On whether he senses any frustration from Burress…

I don’t. I think he’s had two of his better practice days the last two days since he’s been here.

On how Cameron Wake ended up covering Santonio Holmes on the fourth quarter touchdown…

They brought four weak. They brought the pressure off of the slot, and so (Wake’s) got to drop into coverage and Santonio’s running a little under route and Cam just kind of kept dropping. And the only reason it worked is that we picked up the blitz so well. They’re expecting the ball to come out faster than it had to. LT did a great job. I think it was Will Allen that came off the slot. LT did a great job. (Matt) Slauson kind of snapped off on (Karlos) Dansby, that was coming around, and that’s what happens when you blitz, sometimes you open yourselves up to big plays. There were some great blocks downfield, too.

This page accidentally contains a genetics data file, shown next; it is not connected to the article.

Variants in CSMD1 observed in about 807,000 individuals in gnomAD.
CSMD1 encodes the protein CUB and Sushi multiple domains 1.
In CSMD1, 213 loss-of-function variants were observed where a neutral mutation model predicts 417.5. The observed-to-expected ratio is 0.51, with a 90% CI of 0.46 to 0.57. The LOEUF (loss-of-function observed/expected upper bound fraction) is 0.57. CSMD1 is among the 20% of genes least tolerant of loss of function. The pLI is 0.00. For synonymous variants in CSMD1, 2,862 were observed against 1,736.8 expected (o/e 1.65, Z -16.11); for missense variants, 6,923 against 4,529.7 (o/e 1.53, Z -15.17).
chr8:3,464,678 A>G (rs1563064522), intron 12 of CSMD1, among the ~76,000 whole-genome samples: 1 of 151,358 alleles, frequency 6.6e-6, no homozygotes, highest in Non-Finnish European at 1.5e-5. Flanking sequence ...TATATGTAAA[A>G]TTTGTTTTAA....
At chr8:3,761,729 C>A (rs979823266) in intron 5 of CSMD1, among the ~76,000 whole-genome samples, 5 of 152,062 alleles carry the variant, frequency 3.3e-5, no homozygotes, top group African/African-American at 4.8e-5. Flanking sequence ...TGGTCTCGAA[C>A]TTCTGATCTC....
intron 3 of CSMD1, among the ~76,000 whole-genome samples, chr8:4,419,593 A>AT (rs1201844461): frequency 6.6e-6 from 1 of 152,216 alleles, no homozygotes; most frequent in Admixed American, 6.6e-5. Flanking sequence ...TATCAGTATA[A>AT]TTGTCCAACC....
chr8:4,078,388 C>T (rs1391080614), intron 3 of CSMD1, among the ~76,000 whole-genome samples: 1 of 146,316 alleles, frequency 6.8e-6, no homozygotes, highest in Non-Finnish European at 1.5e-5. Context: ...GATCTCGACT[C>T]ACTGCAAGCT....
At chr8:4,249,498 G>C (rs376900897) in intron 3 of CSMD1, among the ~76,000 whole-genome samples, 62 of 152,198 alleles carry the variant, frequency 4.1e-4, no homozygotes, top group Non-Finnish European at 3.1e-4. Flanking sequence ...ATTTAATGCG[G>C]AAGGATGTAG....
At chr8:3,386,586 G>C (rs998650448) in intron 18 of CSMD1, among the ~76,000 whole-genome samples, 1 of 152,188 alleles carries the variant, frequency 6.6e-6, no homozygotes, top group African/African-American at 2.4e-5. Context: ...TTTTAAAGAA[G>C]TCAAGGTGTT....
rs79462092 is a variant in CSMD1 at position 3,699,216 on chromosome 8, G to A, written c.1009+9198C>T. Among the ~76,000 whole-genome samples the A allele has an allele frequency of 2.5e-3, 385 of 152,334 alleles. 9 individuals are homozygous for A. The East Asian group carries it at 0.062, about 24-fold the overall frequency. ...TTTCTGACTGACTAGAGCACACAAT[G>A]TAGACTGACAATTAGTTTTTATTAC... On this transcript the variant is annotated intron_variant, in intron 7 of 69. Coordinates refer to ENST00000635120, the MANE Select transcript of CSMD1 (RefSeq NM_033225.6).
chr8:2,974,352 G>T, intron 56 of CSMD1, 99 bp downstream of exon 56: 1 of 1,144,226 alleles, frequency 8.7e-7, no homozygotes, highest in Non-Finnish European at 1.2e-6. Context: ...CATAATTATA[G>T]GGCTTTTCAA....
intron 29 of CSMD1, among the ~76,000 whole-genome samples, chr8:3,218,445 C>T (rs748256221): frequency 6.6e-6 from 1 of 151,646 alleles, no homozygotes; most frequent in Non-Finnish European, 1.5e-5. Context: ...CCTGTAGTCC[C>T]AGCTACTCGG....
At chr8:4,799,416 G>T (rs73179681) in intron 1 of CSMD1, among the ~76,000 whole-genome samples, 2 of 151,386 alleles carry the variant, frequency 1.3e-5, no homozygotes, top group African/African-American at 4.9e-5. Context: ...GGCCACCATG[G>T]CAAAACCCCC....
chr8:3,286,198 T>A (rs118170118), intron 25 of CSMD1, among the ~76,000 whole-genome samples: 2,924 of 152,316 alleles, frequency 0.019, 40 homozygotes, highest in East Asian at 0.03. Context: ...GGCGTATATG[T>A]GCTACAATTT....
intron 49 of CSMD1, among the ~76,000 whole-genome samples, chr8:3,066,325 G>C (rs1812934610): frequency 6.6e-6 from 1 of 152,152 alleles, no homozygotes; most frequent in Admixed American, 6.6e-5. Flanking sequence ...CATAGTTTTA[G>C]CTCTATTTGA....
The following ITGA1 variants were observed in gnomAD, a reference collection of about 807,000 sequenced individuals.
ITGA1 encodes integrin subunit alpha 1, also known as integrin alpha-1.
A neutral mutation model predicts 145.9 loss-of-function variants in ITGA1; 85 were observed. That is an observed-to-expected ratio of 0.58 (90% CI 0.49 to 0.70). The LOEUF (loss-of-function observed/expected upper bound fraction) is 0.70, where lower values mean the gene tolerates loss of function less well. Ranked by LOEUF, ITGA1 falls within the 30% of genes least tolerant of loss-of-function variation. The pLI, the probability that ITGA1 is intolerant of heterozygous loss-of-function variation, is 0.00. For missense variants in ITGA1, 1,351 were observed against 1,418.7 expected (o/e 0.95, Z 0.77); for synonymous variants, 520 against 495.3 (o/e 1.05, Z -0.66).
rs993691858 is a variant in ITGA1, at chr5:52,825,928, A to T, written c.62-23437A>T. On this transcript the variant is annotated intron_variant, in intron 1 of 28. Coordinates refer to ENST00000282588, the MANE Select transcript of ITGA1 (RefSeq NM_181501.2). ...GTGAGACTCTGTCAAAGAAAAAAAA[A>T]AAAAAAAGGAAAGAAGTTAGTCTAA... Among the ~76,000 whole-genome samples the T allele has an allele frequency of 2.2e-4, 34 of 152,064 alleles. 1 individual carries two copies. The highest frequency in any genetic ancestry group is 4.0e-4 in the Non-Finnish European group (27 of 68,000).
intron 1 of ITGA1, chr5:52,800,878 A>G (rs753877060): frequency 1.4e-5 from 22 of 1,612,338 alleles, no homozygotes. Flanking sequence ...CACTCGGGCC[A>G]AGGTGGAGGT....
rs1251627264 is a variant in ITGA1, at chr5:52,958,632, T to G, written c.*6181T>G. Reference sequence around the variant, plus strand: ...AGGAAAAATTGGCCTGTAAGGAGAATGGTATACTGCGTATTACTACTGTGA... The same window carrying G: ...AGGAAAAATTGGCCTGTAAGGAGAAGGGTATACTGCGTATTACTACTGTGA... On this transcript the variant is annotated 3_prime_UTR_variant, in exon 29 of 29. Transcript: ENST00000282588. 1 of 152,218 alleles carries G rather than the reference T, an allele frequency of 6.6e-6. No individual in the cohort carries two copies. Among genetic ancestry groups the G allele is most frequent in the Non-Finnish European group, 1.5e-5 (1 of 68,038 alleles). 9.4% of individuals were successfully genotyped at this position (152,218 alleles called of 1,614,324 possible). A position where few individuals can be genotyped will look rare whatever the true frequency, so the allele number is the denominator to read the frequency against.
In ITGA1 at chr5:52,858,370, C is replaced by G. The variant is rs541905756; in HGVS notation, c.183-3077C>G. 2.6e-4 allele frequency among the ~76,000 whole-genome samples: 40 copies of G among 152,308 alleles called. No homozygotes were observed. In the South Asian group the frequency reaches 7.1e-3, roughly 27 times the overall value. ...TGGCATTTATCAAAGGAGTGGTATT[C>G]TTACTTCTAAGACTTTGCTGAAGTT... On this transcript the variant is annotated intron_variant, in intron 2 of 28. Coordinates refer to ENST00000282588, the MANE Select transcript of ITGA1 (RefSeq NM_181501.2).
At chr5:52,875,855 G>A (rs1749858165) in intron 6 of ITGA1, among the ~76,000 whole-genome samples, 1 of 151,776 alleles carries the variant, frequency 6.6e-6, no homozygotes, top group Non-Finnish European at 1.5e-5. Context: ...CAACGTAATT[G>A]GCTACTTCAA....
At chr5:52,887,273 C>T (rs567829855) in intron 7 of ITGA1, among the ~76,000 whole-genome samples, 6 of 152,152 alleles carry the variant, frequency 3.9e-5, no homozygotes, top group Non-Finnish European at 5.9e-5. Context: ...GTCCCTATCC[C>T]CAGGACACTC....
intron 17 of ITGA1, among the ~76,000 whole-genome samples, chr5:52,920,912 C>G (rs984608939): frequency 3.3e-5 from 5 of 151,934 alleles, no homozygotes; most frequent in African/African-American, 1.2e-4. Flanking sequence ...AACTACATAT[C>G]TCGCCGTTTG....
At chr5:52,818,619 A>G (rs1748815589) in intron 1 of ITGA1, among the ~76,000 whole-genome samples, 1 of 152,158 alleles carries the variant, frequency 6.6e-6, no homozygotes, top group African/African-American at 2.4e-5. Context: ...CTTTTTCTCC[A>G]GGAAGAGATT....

On whether Tomlinson’s blocking ability goes unnoticed by a lot of the public …

There’s no question. Just from understanding the schemes, he’s so smart. He’s got such a great feel for it. Again, a lot of times he’s getting matched up on guys that outweigh him by 30 lbs. It’s a technique. He works on it with Anthony (Lynn) all the time. Here’s a guy that’s a first-ballot Hall of Famer and he’s the first in line when you’re doing pass (protection) drills. That’s the stuff you love about him.